Speakers Bureau: Historic Journey of African American Quilters
August 24 @ 1:00 pm - 2:00 pmNo Cost
Diane Williams, storyteller and fiber artist, begins her presentation with a discussion of Kente cloth weaved fibers of West Africa and moves on to utilitarian quilts made by African slaves in America who sewed for their owners. She provides a reflective look at how the designs of Underground Railroad quilts relate to storytelling, and explores the works of Harriet Powers (1837-1910) and three other female fiber artists. Powers was a model for women quilters of the late 19th-early 20th centuries. In her discussion of 20th and 21st century quilting, she uses the work of Faith Ringgold, Carolyn L. Mazloomi and Mississippi quilter/fiber artist Gwen Magee. Williams uses her storytelling skills to explore how images — in pictures, but also in quilts — can guide us to a place of tolerance, empathy and sensitivity.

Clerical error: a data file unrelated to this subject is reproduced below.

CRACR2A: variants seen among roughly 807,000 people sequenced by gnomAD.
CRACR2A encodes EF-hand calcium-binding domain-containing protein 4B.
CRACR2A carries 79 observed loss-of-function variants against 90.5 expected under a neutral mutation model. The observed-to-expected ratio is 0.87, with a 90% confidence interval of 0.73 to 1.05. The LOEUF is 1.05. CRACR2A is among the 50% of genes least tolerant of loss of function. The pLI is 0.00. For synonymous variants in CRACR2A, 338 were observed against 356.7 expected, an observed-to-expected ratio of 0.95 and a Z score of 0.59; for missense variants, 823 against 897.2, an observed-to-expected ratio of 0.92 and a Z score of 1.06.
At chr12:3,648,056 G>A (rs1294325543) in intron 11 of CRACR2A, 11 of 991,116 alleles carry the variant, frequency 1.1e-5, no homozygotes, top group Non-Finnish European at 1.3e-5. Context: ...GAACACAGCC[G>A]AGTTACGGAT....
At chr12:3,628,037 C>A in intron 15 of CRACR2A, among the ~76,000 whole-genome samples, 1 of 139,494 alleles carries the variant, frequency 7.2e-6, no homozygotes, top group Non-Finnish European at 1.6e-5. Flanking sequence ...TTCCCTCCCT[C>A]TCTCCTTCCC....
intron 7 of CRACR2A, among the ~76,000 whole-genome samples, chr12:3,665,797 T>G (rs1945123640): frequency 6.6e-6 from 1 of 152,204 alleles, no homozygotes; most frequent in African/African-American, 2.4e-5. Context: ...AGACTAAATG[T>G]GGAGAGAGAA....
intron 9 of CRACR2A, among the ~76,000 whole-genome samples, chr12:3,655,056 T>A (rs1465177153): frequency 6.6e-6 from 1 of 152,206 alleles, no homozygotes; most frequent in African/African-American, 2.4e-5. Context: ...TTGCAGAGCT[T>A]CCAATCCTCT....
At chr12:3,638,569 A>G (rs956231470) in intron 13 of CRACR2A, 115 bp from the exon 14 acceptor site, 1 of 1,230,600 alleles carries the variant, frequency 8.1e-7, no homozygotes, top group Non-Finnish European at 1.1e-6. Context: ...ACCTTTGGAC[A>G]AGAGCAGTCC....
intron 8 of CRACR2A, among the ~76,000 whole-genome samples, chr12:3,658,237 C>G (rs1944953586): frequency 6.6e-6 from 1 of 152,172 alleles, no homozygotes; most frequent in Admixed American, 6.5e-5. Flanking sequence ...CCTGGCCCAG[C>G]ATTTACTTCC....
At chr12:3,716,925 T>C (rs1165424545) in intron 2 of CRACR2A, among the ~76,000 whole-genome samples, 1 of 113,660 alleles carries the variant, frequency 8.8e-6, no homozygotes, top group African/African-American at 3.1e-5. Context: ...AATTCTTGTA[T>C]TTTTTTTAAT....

Diane Williams is a neo-griot, along the lines of the storytellers from times gone by when oral historians were crucial to maintaining black folks’ history because book publishers didn’t believe the history worth chronicling. Williams is also a quilter, an artistry befitting for a woman known for paying homage to the past. Williams uses silk yarns, beads, stones and vibrant colors to make traditional quilts with Motherland inspiration to tell stories of strength, resilience and hope.